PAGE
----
A Kashmiri man pulls up a fishing net as he sits on a traditional boat during sunset on the Dal Lake in Srinagar, Indian controlled Kashmir, Wednesday, Oct. 5, 2016. Kashmir remained under security lockdown and separatist sponsored shutdown after some of the largest protests in recent years were sparked by the killing of a popular rebel commander on July 8. (AP Photo/Dar Yasin)
A Kashmiri man pulls up a fishing net as he sits on a traditional boat during sunset on the Dal Lake in Srinagar, Indian controlled Kashmir. Dar Yasin

I readily agreed. After all, I had grown to trust them.

Days later I found myself at the general post office in New Delhi. I walked in with the parcel, which was basically a sack that had been sewn shut. I queued up to get it weighed and stamped but noticed that staff were asking all customers to open their parcels for inspection, slowing down the process considerably.

Someone in the queue explained it was yet another security measure introduced in the wake of the Gulf War, which had sparked a spate of bombings targeting westerners across the Indian capital.

A feeling of unease crept over me. My Kashmiri friends had shown me the contents of the parcel over dinner but it had been sewn shut before it was given to me.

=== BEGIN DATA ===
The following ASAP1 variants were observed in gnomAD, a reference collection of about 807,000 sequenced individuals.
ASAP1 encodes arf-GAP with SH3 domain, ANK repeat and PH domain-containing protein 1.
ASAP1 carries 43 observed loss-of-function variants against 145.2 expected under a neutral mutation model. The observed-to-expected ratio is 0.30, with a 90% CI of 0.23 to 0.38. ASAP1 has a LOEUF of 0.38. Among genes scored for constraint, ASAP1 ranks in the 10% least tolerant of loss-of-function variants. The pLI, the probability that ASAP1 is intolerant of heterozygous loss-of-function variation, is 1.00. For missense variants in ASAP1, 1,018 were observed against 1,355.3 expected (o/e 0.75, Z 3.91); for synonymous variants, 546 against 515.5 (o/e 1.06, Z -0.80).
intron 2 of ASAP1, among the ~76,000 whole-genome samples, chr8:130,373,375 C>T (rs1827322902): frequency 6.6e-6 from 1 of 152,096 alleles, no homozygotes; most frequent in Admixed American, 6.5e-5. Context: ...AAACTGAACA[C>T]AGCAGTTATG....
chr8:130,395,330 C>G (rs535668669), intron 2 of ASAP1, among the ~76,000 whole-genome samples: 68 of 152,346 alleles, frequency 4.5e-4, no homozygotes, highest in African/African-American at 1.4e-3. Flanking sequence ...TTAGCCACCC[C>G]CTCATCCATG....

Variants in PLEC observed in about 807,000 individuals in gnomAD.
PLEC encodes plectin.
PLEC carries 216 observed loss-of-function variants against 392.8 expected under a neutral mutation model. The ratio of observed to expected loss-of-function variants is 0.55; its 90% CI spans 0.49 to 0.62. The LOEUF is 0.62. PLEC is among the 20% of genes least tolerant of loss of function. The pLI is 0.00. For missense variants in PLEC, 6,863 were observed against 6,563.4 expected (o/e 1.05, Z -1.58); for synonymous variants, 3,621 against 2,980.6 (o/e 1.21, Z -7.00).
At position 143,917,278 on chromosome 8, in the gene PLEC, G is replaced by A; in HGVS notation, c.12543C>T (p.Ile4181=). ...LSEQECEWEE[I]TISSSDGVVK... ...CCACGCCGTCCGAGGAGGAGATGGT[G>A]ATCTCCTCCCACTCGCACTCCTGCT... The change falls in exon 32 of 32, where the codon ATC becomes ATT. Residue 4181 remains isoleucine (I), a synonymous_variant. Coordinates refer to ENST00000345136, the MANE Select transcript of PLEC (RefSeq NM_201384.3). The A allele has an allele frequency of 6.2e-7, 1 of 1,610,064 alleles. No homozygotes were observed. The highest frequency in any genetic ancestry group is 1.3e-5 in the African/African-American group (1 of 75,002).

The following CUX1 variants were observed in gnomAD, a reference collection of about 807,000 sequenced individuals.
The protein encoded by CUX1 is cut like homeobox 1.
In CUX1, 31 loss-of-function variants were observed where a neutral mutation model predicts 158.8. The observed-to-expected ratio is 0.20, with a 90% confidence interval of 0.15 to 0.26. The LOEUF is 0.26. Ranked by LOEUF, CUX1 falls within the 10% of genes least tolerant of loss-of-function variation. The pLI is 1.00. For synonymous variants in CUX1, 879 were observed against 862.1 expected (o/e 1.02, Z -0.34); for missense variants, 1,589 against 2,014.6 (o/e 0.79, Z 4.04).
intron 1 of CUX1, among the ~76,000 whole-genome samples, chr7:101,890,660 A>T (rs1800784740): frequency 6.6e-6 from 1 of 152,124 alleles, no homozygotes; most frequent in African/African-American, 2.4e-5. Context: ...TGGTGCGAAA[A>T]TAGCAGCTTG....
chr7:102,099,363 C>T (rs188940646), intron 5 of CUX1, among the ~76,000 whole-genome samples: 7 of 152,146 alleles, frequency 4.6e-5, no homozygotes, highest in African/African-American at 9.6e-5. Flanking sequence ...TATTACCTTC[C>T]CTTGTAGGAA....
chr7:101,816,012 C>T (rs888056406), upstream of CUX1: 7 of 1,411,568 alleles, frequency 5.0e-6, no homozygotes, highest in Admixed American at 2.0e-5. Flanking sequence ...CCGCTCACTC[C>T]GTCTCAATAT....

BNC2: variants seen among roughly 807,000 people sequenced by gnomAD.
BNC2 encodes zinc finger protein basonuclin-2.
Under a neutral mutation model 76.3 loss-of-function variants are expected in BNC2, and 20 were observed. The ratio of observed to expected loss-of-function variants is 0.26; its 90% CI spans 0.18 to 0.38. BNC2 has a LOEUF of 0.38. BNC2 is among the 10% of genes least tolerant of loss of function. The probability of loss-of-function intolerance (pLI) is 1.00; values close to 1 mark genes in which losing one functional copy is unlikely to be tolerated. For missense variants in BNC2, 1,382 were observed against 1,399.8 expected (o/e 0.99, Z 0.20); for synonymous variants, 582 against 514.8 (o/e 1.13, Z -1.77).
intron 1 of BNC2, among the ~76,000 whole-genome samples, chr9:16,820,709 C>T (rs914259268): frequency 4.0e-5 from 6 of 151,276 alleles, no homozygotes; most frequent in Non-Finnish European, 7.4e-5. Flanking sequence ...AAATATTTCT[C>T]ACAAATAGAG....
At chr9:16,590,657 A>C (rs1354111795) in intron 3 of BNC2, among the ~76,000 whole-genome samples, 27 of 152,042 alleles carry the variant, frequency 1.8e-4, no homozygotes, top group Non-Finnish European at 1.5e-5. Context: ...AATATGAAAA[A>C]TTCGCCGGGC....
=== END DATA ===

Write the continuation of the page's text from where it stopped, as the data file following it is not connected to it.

How could I really be sure of what was inside?

I dropped out of the queue and walked out of the post office. I found a cafe, walked into the toilet and picked at the stitches. Inside was a heavily insulated foil package wrapped in thick tape. My heart felt like it was going to burst out of my chest. I ripped it open and the unmistakeable stench of weed filled the cubicle. There was a lot of it. Several kilograms worth.

If the post office staff had found it, I would have immediately been arrested and thrown in jail.

If I had decided not to brave the queues and taken the package to London to mail, it would have almost certainly been detected by baggage X-rays and the outcome would have been even worse.

I was furious at the couple's betrayal, their willingness to put me in danger and furious at myself for not insisting on checking the parcel in their presence before leaving Srinigar.

Our bus had been stopped at several military checkpoints on the way out of Srinigar and boarded by officers checking for weapons. I could have been caught with the weed at any time.

I ended up throwing the package away. But every time somebody gets busted with drugs at an airport I think: "There but for the grace of God go I."

This story first appeared on news.com.au. The author's name was withheld to protect her identity.